Extension has been doing a lot of video work lately. I know this because our Extension Technology Equipment Loan video kits have been booked pretty regularly all summer and now well into October. By the time you are done planning, shooting and editing your video, uploading it to YouTube may feel like the last step. It's not. One of the most important steps in the video production process is captioning. Adding captions to videos can feel time-consuming and you may be tempted to skip it but there are so many reasons why you shouldn't!

The Importance of Captioning

Adding captions to your videos make them accessible and usable by people of all abilities and all Extension videos must be captioned to be in compliance with The Americans with Disabilities Act. But not only does captioning help people with disabilities, research shows that everyone can benefit from from closed captions. A 2015 study on Student Uses and Perceptions of Closed Captions & Transcriptsconducted by Oregon State University's Ecampus Research Unit, showed:
  • The majority of students without a disability use captions at least some of the time
  • 66% of ESL students find captions "very" or "extremely" helpful
  • Captions help with comprehension, accuracy, engagement and retention.

Additional benefits of closed captioning and transcripts:
  • Improved indexing and searching: Search engines can’t watch a video or listen to audio but closed captions and transcripts make your video text-searchable.
  • View anywhere: Closed captioning allows people to view videos in places where audio is limited (e.g. library, office, bus).

Closed or Open Captions?

Closed captions are most common and utilize the functionality within video players and browsers to display closed captions below the video area. Closed captions can be turned on or off.



Open captions are a permanent part of the video and can’t be turned off. Open captions are usually added in the video editing process and are usually more time-consuming/expensive to produce.

Captioning Options

  1. You can do your own captioning
  2. You can hire a service to caption for you. They usually charge by length of video (approx $3/min). 
  3. The UMN Disability Resource Center is available to help if a person with a disability has specifically requested captioning. 

How to Caption in YouTube

There are three different methods for captioning in YouTube.
  1. Auto-sync is where YouTube creates captions for you which provides a good start if you don’t have a transcript file. You will always have to correct the auto-synched captions. If you don’t believe me, check out Rhett & Link’s caption fail YouTube channel (funny). 
  2. Create a transcript .txt file and upload it to YouTube. It should match the audio exactly.
  3. Create a transcript directly in YouTube. 
Step-by-step instructions for the three methods for captioning in YouTube are on the Accessible U website.

Do you have any tips for captioning videos to share with others? Please leave them in the comments!




Maybe it shouldn’t be a course at all.

You have evidence-based information and resources people want on topics they care deeply about, so they sign up for your course. But without a “carrot” or “stick,” when is the last time you completed an online course (or signed up at all)?
  

There is a great deal of agreement that online learner engagement and course completion rates are often low, especially in the non-credit setting. While there is a breadth of research on how to engage online learners in traditional online courses, the literature does not address the inherent challenges in assuming online courses are the primary way to provide educational content to specific audiences online who are not seeking credit or certification. It also fails to adequately describe the way people learn online informally in daily life. As a result, when people across Extension asked me (time and time again), “Why won’t people complete my online course?!” my answers came up short.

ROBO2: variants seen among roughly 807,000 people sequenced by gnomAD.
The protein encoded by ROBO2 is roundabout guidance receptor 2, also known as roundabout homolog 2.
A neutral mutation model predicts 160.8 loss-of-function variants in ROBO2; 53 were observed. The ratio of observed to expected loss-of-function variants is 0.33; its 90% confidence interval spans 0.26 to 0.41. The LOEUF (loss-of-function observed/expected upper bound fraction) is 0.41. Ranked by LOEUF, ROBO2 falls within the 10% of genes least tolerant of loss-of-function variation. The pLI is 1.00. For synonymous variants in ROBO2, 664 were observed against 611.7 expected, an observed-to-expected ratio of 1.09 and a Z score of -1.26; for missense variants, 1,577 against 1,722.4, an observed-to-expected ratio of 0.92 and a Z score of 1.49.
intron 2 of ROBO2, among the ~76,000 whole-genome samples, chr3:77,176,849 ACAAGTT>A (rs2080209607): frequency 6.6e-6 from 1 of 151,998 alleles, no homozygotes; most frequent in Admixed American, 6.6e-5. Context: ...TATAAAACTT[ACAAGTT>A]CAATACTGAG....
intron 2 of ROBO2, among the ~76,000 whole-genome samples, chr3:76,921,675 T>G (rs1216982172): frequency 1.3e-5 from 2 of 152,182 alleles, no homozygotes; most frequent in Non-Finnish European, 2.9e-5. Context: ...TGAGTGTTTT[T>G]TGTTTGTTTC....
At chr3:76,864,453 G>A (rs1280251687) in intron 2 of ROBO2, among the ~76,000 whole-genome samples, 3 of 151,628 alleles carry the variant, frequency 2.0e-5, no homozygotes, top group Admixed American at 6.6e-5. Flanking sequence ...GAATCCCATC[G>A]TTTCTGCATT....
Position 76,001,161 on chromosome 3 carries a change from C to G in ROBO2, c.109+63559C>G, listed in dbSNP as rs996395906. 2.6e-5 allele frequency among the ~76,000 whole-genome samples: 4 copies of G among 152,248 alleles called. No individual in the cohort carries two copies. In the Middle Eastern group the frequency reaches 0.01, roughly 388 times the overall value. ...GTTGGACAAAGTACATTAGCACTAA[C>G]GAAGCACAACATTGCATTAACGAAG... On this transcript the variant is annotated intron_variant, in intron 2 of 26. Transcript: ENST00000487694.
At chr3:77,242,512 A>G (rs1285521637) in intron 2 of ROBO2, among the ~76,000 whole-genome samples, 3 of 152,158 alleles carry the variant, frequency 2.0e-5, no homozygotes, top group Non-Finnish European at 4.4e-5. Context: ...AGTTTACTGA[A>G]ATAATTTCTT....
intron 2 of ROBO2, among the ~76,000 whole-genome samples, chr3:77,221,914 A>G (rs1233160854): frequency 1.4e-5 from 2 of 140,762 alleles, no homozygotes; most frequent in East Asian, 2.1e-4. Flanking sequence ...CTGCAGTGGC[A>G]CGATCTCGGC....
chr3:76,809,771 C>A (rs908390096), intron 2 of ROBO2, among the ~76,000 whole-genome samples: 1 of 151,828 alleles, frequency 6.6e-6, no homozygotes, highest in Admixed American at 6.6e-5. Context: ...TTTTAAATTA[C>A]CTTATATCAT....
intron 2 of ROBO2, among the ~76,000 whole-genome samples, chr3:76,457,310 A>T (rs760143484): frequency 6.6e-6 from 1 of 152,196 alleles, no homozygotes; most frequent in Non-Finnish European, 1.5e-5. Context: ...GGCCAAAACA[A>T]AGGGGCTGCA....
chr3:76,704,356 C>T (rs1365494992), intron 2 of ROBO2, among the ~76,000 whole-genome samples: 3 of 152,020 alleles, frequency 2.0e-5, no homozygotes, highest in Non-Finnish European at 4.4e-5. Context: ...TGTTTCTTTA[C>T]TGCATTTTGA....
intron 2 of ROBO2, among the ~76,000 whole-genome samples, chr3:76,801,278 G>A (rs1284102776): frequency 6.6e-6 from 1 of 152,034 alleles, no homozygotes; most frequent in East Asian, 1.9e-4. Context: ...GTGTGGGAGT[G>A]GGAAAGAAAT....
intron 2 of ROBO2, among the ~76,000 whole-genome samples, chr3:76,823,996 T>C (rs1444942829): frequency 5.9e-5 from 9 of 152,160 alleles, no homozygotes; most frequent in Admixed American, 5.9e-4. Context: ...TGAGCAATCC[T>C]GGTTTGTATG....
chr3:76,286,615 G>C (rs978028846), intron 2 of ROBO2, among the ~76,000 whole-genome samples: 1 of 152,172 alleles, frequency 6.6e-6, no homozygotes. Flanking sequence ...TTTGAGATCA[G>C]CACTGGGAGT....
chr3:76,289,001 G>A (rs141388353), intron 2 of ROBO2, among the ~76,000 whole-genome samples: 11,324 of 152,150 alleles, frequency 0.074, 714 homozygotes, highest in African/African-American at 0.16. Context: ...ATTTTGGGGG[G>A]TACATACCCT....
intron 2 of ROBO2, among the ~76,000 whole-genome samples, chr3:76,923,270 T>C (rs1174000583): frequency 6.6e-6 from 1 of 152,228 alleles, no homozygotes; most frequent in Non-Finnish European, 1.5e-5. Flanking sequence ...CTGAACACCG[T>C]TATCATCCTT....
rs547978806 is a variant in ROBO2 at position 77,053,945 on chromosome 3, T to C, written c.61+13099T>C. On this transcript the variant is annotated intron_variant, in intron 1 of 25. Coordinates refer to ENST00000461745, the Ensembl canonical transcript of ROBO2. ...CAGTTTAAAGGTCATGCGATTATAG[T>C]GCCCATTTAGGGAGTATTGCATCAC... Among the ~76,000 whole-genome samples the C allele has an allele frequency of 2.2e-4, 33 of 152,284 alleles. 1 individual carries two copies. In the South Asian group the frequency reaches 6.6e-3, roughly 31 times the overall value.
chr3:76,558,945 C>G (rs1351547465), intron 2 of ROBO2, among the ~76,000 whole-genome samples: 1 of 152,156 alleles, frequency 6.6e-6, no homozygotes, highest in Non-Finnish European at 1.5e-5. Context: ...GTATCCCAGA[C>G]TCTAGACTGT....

So this spring, I started working on a theory-building metasynthesis that aims to pick up the conversation here. I’ll jump to my findings here, but to learn more about the study methodology, get a copy of the associated rubric I created, or to generally nerd out with me on this topic, follow up with me during the Program Conference poster session (or any time!).

Online outreach education should be/have:



Learner-focused Content

The information and learning needs of a community should come first, rather than the implementation of the technology or selection of a specific tool or format.

Search & Navigation Friendly

In self-directed, informal learning, discoverability and easy navigation are critical elements to attracting and retaining potential learners.

Flexible Levels of Engagement

It is important to provide opportunities across the engagement spectrum (e.g., passive information acquisition, personal reflection, discussion-based processing, and building or generating something new).


Generally speaking, we Minnesotans don't need courses and workshops like we did “back in the day.” We rely on Google and our social networks when we want to learn a new skill or troubleshoot an issue in our homes, gardens, communities, etc.

How can your program be a part of the new paradigm?



Every once in awhile, I run into a video that refuses to play on my computer or it won’t import properly into a PowerPoint document. A solution that works for me is to convert the video file to an MP4 file format. I use a University supported tool called MediaHub to convert videos to a usable format.

How it works:
  1. Go to MediaHub.umn.edu
  2. Upload one or more video files at once
  3. Select the type of video file you want for playback: IOS/Android/Mobile, PowerPoint or Web. All of these options will produce an MP4 file but in the appropriate size/resolution for your playback choice.
  4. A download link will be emailed to you in a short time. Files are stored for 15 days and not recoverable after that.
You may not use this tool often but it sure is handy when you need it!




A couple of weeks ago, I was part of a brainstorming session where some people couldn’t attend in person. Our in person plan was to bring different colored post-it notes and use an in-room whiteboard. I set out to find us an online solution so everyone could participate.

I’ve used a few sticky note apps in the past, for organizing my own work and for online collaboration so I looked at those apps first. After considering Google Keep, note.ly and Stormboard, I settled on RealtimeBoard for our meeting.